The black color which appears to be beside the glacier is actually frozen ice covered in silt and gravel-grit which comes down from the top of the mountains.

swift flowing glacier river.
The fog hung above the water in the river and in striations in the mountains.

On Friday, we finally charcoal-grilled the halibut that was caught back in June.  It turned out well.

On Saturday we walked around an arts and crafts fair in downtown Anchorage, had a nice supper at the Spendard Roadhouse and then I took Marnie to the airport to fly home.

On Sunday, I hit the road, heading east from Anchorage to Copper Center, AK for a couple days, staying at a Klutina Fish Camp.  King salmon season ended early this year so I missed getting a chance to try and catch one. Besides, the weather has been downright awful, so it really wasn't a big deal.  And it is supposed to rain for the next couple days.

2016 Epic Road Trip - Day 69

Day 69 

July 21, 2016

Anchorage area

The wildfire south of Anchorage 5 days after we first saw it.  Today as we passed by, we saw lots of firemen and equipment/vehicles used in fighting the fire.
We visited the Indian Valley Mine, site of an historic gold mine from the early 1900s.  It is now privately owned property, but is registered as a National Historic Site.  They offer tours of the original log cabins and gold panning.

A glimpse of the Shaft # 2 entrance to the mine.
The view across Cook Inlet south of Anchorage.

2016 Epic Road Trip - Days 66-68

Day 66-68
Monday, Tuesday and Wednesday July 18-20
Nome, Alaska and surroundings

Another excursion!  We caught a flight Monday from Anchorage, AK to Nome, AK which is inaccessible by land, except in the winter, and then only accessible by sled dogs.  With a rental car from the Dredge 7 Inn, we drove to both of the  outlying towns -- Council and Teller, and then flew back to Anchorage.

Apparently, these 3 lucky Swedes found the gold, or at least staked their claim.  This brought about 40,000 more gold seekers to Nome back at the turn of the last century.  Today, Nome is a small, run-down town, not modern in any way.  Mining and fishing are the only industries.  The towns of Council and Teller are impoverished.

The old Dexter Inn, built by Wyatt Earp and a business partner.  He came to Nome when the word was out that gold was discovered and determined that he could make more money "Mining the Miners" than by mining for gold.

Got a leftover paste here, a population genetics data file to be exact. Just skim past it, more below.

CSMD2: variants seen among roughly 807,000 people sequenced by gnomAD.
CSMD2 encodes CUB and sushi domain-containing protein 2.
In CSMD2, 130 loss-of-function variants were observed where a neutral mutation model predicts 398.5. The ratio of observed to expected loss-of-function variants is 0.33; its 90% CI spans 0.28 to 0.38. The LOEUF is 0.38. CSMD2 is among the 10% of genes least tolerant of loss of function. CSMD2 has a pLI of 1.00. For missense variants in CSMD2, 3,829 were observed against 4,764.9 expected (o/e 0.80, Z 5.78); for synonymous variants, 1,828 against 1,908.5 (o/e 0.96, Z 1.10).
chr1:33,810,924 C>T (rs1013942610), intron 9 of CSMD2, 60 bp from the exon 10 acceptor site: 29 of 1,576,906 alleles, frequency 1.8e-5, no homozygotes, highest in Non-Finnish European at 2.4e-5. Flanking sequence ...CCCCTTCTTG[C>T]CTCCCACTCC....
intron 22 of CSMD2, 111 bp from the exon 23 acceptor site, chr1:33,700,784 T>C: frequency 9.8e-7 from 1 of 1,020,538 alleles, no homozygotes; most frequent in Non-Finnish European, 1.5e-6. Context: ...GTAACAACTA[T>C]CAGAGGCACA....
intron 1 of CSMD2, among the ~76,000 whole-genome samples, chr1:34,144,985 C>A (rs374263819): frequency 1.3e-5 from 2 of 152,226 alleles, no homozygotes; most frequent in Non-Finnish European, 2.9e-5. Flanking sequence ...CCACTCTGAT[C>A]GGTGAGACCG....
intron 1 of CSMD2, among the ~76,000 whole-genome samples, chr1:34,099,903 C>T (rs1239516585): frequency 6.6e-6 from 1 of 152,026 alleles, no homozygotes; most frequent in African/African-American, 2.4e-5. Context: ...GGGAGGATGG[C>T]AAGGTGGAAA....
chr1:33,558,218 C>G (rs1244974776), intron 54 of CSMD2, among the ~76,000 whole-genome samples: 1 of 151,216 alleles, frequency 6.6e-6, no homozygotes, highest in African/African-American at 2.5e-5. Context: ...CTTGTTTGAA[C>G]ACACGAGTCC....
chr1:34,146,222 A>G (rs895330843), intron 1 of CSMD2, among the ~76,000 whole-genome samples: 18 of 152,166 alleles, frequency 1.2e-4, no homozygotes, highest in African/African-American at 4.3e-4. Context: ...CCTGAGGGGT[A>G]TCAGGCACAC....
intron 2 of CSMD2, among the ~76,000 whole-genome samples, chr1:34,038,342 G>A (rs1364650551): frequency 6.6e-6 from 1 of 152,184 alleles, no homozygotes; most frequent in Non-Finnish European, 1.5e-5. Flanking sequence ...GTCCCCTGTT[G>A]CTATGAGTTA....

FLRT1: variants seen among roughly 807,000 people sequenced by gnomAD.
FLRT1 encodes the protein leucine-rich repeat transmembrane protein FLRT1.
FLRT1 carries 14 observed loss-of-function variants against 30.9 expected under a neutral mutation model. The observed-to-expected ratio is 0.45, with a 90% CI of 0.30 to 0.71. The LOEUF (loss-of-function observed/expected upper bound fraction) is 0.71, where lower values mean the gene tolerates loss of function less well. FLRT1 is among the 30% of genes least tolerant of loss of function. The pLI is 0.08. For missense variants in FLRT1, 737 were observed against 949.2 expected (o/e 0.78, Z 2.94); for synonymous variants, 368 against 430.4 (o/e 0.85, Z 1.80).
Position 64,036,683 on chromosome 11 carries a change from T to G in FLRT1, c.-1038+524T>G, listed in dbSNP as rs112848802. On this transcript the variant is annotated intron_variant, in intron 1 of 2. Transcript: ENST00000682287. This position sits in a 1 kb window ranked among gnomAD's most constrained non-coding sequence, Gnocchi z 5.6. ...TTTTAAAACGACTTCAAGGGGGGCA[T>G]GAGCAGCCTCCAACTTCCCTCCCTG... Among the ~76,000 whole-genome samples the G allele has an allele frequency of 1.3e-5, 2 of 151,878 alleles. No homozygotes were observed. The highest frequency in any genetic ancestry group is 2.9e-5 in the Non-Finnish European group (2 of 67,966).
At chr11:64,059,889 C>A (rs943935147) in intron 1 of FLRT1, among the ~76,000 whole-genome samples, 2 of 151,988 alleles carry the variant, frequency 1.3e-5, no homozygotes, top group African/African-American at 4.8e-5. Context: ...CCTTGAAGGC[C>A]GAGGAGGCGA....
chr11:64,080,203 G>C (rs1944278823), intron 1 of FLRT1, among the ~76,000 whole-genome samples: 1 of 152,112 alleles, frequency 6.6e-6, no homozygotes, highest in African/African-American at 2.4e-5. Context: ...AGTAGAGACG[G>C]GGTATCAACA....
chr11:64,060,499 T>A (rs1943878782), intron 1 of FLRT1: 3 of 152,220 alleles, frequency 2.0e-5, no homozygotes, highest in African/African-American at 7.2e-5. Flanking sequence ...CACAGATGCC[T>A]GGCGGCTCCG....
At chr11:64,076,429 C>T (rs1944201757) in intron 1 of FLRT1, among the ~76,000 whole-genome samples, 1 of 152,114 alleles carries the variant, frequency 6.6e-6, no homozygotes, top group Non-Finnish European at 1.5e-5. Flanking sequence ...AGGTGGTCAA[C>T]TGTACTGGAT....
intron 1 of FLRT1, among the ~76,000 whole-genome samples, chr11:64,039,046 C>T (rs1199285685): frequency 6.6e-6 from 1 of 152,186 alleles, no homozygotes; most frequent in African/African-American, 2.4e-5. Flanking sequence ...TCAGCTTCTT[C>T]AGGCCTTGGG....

Anchor Inn was the scene of a brawl on one of the reality TV shows about gold mining in AK.

The Safety Roadhouse, about 20 miles from Nome, is the last checkpoint of the Iditarod race before reaching the finish line in Nome.
The finish line, which is moved to the center of the street during the race.
At the scene of "The last train to nowhere" outside of Nome.

"The last train to nowhere," abandoned and junked between Nome and Council.  Originally planned to be used for transportation between the two towns during the gold rush.
An operating dredge in the Bering Sea.

A historic dredge left where it was used 100+ years ago.  There are six old ones from the gold rush left in place around Nome.

The Nome Small Boat Harbor and some of the questionable seaworthy dredges....
The Au Grabber dredge sits in the Nome harbor.  It is featured on one of the reality TV shows
The Christine Rose dredge, also shown on the TV reality show.
An old dredge abandoned alongside the road to Council, AK
If you look really hard, you might see Russia from Teller, across the Bering Sea.
Back 10,000 years ago, the Bering Strait was solid land from Russia to the Alaska territory.  After the latest ice age, the lands were separated by water, and they are presently about 100 miles apart.  Little Diomedes and Big Diomedes islands are out in the middle of the strait, Little Diomedes being part of Alaska and Big Diomedes being part of Russia.
The hospital in Nome serves also as a local art gallery.  Cool picture of the iditarod.
Musk Oxen became extinct in western Alaska back in the 1800s.  In the 1970s, about 30 were reintroduced to the Nome area.  Today there are about 2,000 of them running amok on the roads and nearby.  They look like woolly mammoths, which also lived in this area many years ago.